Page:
Neuropathology, or the study of diseases of the brain, spinal cord, and nerves, plays an important role in characterizing the pathogenesis of neurodegenerative diseases, such as Alzheimer’s disease. Neuropathological hallmarks, or characteristics, of Alzheimer’s disease consist of positive and negative lesions. Positive lesions include tau hyperphosphorylation, neurofibrillary tangles, beta-amyloid plaques, cerebral amyloid angiopathy, and glial responses, while negative lesions include neuronal and synaptic loss.
Below, we take a deeper look into these neuropathological hallmarks and how they affect the brains of individuals diagnosed with Alzheimer’s disease or other forms of dementia.
Detailed below are positive lesions associated with Alzheimer’s disease, including tau hyperphosphorylation, neurofibrillary tangles, beta-amyloid plaques, cerebral amyloid angiopathy, and glial responses.
Tau, a microtubule-associated protein, is normally located on the axon and plays a helpful role in the brain, physiologically facilitating axonal transport by binding and stabilizing microtubules that help guide nutrients and molecules from the cell body to the axon and dendrites. However, in individuals with Alzheimer’s disease, tau becomes altered and forms neurofibrillary tangles within nerve cells up to 15 years before symptom onset. This alteration involves the translocation of tau to some somatodendritic compartments and hyperphosphorylation, misfolding, and aggregation of tau. Neurofibrillary tangles are intraneuronal aggregates of this hyperphosphorylated, misfolded tau which block the neuron’s transport system, harming the synaptic communication between neurons.
Tau is an emerging and newly understood element of the pathophysiological biomarker landscape. Similar to reducing beta-amyloid plaques, the inhibition of the tau abnormality is another highly promising therapeutic approach to Alzheimer’s disease and other tau pathologies.
Amyloid plaques are extracellular deposits of beta-amyloid peptides and are a distinct pathology of Alzheimer’s. Beta-amyloid proteins originate from a larger protein, amyloid precursor protein, found in the fatty membrane surrounding the nerve cells. Beta-amyloid is produced in all individuals and is naturally removed by the body before it can become harmful to the brain. However, for individuals with Alzheimer’s disease, it is not removed, and the beta-amyloid proteins stick or clump together, eventually forming a plaque that cannot be broken down. Beta-amyloid proteins begin to collect in the brains of individuals with Alzheimer’s disease up to 20 years before symptoms appear. As time goes on, these plaques begin to form in other parts of the brain responsible for cognitive function.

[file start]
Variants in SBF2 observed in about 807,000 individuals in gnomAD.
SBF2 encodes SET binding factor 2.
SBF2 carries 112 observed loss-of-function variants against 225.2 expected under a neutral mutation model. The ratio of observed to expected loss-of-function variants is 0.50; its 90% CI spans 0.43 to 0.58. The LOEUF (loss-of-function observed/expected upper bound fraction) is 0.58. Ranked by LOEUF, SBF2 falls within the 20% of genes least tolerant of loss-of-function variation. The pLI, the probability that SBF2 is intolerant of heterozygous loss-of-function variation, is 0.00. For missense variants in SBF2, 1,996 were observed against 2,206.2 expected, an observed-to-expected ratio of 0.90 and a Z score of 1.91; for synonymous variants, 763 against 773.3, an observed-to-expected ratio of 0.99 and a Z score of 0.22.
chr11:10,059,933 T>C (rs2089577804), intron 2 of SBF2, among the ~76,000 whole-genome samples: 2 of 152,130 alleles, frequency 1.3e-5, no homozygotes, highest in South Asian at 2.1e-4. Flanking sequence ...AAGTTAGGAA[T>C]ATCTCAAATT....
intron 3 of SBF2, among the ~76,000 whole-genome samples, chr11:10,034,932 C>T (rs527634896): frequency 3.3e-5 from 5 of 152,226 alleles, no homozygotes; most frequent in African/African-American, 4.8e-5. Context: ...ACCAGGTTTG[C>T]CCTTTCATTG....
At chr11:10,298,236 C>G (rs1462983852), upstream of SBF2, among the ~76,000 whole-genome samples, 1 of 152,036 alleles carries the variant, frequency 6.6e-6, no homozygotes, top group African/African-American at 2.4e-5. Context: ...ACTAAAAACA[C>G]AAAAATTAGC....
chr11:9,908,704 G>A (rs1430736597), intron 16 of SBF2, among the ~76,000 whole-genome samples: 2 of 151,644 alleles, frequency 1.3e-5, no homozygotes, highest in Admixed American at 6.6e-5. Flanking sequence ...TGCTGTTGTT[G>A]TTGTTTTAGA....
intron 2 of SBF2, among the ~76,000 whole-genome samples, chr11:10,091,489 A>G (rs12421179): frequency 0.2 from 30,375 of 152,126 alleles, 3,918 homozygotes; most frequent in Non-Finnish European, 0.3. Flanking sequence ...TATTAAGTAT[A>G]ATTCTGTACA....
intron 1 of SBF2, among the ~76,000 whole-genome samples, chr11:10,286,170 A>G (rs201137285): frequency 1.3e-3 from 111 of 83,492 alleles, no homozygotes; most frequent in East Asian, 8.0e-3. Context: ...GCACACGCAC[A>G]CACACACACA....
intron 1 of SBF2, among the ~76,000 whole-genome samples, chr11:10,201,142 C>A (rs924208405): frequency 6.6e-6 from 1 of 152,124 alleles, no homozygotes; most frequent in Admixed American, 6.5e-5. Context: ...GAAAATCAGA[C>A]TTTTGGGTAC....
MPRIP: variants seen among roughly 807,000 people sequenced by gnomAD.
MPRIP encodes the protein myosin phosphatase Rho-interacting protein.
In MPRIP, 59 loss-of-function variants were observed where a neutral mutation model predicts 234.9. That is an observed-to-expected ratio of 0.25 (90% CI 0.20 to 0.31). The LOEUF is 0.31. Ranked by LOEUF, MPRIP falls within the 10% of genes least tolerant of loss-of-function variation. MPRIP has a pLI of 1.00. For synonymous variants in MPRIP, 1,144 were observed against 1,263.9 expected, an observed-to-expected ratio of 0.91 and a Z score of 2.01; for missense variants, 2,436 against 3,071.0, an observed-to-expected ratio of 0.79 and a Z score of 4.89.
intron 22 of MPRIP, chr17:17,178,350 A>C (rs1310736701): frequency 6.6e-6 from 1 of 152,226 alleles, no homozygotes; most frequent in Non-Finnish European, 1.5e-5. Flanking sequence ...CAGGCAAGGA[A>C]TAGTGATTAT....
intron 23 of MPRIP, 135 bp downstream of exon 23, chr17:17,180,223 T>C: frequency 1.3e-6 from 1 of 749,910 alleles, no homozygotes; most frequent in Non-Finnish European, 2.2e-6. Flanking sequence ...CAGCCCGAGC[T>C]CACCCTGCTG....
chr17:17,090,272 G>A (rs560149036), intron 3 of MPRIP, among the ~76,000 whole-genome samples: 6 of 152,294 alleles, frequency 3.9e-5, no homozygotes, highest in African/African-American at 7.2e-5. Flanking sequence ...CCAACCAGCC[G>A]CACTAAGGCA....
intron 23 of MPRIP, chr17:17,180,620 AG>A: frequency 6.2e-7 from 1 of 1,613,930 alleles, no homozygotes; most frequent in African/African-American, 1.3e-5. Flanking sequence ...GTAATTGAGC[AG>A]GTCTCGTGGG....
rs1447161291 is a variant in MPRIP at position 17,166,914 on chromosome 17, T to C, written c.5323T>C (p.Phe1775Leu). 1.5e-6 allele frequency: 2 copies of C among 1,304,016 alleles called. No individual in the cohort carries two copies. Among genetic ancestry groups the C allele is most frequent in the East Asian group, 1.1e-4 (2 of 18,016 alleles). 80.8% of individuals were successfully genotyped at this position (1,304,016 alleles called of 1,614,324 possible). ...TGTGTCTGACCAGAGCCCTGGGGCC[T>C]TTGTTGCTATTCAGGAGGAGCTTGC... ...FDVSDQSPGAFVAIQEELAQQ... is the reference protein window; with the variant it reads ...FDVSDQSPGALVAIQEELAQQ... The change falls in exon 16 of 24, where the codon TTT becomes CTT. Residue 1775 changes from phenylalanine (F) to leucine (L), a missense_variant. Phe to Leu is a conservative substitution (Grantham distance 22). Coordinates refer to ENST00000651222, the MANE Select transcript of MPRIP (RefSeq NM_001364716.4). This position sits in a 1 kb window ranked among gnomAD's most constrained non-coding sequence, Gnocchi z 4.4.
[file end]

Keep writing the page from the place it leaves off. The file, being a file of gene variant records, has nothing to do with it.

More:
The discovery of beta-amyloid plaques and their relationship to Alzheimer’s disease led to the ability to provide earlier diagnoses of the disease through amyloid PET scans and recently, the potential to target and reduce such plaques to delay clinical decline.
Another neuropathological hallmark of Alzheimer’s disease is cerebral amyloid angiopathy, which is characterized by deposits of beta-amyloid in the tunica media of leptomeningeal arteries, cortical capillaries, small arterioles, and medium-sized arteries in the posterior regions of the brain. Some level of cerebral amyloid angiopathy, which is often mild, is present in around 80% of Alzheimer’s patients. Individuals with severe cerebral amyloid angiopathy may experience vessel wall weakening, which can ultimately lead to lobar hemorrhage.
Glial cells are the most abundant cells in the brain, outnumbering neurons by approximately 10:1, and come in many forms, including microglia and astrocytes. Glial cells, and their relationship with neurons, are fundamental for brain function. Glia are critical for normal central nervous system functioning as well as its dysfunction, as they are directly related to all forms of neuropathological processes. Thus, the progression and outcome of neurocognitive and neurodegenerative diseases, including Alzheimer’s, depend on glial responses.
In healthy brains, microglia engulfs and destroys waste, debris, and protein buildup, including beta-amyloid plaques. However, in individuals with Alzheimer’s, microglia cells fail to clear waste and toxins in the brain. Similarly, astrocytes are typically signaled to remove and clear the remaining plaque buildup and cellular debris but do not do so in those with Alzheimer’s disease.
Neuronal and synaptic losses are characterized as negative lesions and are neuropathological hallmarks of Alzheimer’s disease. In individuals with Alzheimer’s disease, neurons become injured and die throughout the brain, causing connections between neural networks to break down which can result in shrinkage of regions of the brain.
Dynamic gain and loss of synapses are essential for healthy brain function. However, for individuals with Alzheimer’s, there are disruptions in the mechanics of neuronal plasticity which eventually results in a net loss of synapses. Synaptic loss is indicated as an early pathological event in Alzheimer’s disease and is believed to be driven by beta-amyloid and tau pathology.
While many of the neuropathological hallmarks of Alzheimer’s disease provide a window to indicate the presence of Alzheimer’s before clinical onset, they are typically identified through expensive, time-consuming, and invasive procedures, such as amyloid PET scans and cerebrospinal fluid extraction and analysis.
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